A study shows that a lifestyle intervention, involving an exercise program and dietary advice, improves disease-specific quality of life (QoL) in sedentary men with advanced prostate cancer who are receiving long-term androgen-deprivation therapy (ADT).
Derek Rosario (University of Sheffield, UK) and colleagues randomly assigned 100 men with advanced prostate cancer, including 20 with metastatic disease, to an intervention or usual care group in the 12-week trial.
In the intervention group, the men took part in two sessions of aerobic exercise and resistance training supervised by an exercise physiologist per week and were asked to undertake one additional 30-minute exercise session each week between weeks 1 and 6. This was tapered to one supervised session and two independent sessions per week in weeks 7 to 12. The men also received a dietary advice pack and took part in healthy eating seminars every 2 weeks over the course of the study.
The researchers found that the men adhered well to the intervention program over the first 12 weeks, with 94% adherence to the supervised exercise sessions and 82% to the independent sessions. And, at 6 months follow-up, men in the intervention group continued to have significantly better exercise behavior, as measured by the Godin questionnaire, than men in the usual care group.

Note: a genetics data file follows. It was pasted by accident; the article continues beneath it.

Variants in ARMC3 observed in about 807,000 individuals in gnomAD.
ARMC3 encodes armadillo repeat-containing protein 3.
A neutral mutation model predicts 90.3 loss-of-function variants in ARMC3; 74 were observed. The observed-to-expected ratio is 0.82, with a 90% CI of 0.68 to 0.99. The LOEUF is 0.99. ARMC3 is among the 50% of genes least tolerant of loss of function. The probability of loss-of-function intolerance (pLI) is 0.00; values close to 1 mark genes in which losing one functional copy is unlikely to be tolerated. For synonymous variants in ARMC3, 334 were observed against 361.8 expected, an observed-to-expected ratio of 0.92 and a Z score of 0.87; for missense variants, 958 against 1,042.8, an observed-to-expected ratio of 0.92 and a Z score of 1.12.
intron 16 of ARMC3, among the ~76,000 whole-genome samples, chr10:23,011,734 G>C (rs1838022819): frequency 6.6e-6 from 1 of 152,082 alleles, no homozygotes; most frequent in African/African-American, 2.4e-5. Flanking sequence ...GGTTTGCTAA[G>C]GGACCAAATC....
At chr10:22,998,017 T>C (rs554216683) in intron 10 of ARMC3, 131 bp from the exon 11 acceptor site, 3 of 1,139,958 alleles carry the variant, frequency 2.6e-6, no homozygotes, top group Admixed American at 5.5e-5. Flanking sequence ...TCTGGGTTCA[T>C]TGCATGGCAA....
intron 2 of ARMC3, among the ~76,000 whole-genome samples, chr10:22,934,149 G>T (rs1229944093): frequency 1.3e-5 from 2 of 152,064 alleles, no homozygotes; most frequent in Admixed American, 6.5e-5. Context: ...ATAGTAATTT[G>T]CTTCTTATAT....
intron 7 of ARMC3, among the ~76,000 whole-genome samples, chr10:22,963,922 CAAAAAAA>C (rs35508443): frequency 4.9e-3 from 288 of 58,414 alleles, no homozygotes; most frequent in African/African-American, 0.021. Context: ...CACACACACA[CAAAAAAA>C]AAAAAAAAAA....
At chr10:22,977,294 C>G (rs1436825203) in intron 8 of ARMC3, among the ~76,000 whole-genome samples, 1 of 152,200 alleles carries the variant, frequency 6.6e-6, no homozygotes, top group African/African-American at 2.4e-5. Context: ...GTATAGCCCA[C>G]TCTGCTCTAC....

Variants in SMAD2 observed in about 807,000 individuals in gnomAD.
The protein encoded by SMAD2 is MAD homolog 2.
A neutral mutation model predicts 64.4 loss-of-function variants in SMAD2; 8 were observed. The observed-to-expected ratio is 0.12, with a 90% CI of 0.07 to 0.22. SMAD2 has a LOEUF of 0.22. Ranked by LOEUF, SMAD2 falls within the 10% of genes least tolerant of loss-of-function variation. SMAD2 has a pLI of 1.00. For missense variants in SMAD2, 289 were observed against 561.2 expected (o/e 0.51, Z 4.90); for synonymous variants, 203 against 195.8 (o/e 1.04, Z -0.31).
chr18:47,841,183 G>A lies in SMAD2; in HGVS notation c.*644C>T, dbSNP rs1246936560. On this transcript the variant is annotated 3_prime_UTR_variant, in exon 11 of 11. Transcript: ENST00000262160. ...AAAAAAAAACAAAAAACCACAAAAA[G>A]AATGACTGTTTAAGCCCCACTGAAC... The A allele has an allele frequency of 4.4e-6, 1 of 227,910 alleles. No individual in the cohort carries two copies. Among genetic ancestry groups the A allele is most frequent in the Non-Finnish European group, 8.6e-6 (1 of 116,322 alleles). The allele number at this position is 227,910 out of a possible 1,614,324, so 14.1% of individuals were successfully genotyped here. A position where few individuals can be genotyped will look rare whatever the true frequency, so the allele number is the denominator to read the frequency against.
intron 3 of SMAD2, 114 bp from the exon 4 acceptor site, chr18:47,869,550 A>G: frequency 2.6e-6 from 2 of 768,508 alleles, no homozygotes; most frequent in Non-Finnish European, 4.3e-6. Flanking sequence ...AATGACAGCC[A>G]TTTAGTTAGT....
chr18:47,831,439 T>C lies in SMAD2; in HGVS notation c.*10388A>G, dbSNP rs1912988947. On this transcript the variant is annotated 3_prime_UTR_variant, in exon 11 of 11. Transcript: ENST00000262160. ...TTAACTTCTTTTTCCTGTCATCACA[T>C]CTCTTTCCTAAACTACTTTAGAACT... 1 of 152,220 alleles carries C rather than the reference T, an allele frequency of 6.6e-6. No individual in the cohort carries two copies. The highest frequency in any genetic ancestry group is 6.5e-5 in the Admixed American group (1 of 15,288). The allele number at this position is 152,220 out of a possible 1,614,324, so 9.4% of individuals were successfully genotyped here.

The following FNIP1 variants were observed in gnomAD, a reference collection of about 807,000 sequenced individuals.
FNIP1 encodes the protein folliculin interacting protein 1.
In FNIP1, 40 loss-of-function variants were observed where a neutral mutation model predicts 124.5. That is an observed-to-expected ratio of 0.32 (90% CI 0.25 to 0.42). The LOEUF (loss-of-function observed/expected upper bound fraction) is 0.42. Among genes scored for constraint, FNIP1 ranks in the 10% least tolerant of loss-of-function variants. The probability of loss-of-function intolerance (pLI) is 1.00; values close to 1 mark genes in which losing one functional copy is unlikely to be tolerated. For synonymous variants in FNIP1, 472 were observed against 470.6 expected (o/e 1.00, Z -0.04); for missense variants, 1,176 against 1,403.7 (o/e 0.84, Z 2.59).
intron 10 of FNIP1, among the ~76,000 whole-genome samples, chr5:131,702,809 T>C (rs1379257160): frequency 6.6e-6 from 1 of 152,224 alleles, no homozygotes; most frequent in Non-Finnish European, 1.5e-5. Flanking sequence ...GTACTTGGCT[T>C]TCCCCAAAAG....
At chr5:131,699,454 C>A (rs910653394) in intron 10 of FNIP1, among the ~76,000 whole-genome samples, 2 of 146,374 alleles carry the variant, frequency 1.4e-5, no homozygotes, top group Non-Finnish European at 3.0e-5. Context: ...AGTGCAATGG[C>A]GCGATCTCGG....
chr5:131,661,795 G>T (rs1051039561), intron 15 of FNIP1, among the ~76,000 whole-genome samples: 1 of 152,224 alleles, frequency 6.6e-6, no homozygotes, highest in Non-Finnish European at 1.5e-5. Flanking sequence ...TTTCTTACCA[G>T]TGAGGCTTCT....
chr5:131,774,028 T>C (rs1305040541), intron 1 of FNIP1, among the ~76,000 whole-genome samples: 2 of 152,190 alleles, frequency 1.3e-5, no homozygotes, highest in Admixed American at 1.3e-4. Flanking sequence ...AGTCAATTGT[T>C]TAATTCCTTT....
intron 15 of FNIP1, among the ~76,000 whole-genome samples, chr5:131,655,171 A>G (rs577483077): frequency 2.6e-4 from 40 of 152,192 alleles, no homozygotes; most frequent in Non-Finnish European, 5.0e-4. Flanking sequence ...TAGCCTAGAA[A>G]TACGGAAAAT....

At 12 weeks, men in the intervention group also had significant and clinically relevant improvements in disease-specific QoL, with an adjusted mean difference of 8.9 points versus controls. However, at 6 months, these benefits were not sustained, with the difference falling to a nonsignificant 3.3 points.
There were no significant changes in body weight, diastolic or systolic blood pressure, or prostate-specific antigen levels, and a decrease in fat intake in the intervention group seen at 12 weeks did not reach statistical significance. But the researchers did observe significant and clinically relevant improvements in fatigue and aerobic exercise tolerance at both time points.
Writing in European Urology, Rosario and colleagues say their findings highlight the importance of ongoing supervised support in maintaining the QoL benefits of such interventions.
But noting that 32% of their patients did not take part in the 6-month follow-up, they say that strategies to prolong participation must be prioritised in future.
“Such strategies may include extended supervision and tapering with addition of intermittent contact sessions,” they suggest.
“The cost effectiveness of such approaches should be studied to determine the place of such exercise and dietary interventions in routine care.”
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